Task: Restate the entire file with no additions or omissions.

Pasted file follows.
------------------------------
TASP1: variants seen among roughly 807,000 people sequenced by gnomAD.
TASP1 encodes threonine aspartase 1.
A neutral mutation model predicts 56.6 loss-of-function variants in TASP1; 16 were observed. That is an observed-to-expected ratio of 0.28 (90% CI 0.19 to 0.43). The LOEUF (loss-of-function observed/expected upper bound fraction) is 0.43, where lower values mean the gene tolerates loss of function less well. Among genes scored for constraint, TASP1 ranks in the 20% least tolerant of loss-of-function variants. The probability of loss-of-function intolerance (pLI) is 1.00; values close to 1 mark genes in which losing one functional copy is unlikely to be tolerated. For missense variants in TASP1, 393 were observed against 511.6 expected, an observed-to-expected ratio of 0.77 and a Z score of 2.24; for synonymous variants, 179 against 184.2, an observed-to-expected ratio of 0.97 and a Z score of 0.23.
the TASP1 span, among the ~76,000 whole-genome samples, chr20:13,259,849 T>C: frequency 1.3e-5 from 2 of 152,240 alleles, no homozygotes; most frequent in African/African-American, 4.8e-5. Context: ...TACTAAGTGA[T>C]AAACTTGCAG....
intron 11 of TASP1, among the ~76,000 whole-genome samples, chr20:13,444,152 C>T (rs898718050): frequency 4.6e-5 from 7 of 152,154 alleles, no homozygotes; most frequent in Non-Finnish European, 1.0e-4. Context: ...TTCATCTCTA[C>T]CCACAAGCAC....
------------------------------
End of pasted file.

TASP1: variants seen among roughly 807,000 people sequenced by gnomAD.
TASP1 encodes threonine aspartase 1.
A neutral mutation model predicts 56.6 loss-of-function variants in TASP1; 16 were observed. That is an observed-to-expected ratio of 0.28 (90% CI 0.19 to 0.43). The LOEUF (loss-of-function observed/expected upper bound fraction) is 0.43, where lower values mean the gene tolerates loss of function less well. Among genes scored for constraint, TASP1 ranks in the 20% least tolerant of loss-of-function variants. The probability of loss-of-function intolerance (pLI) is 1.00; values close to 1 mark genes in which losing one functional copy is unlikely to be tolerated. For missense variants in TASP1, 393 were observed against 511.6 expected, an observed-to-expected ratio of 0.77 and a Z score of 2.24; for synonymous variants, 179 against 184.2, an observed-to-expected ratio of 0.97 and a Z score of 0.23.
the TASP1 span, among the ~76,000 whole-genome samples, chr20:13,259,849 T>C: frequency 1.3e-5 from 2 of 152,240 alleles, no homozygotes; most frequent in African/African-American, 4.8e-5. Context: ...TACTAAGTGA[T>C]AAACTTGCAG....
intron 11 of TASP1, among the ~76,000 whole-genome samples, chr20:13,444,152 C>T (rs898718050): frequency 4.6e-5 from 7 of 152,154 alleles, no homozygotes; most frequent in Non-Finnish European, 1.0e-4. Context: ...TTCATCTCTA[C>T]CCACAAGCAC....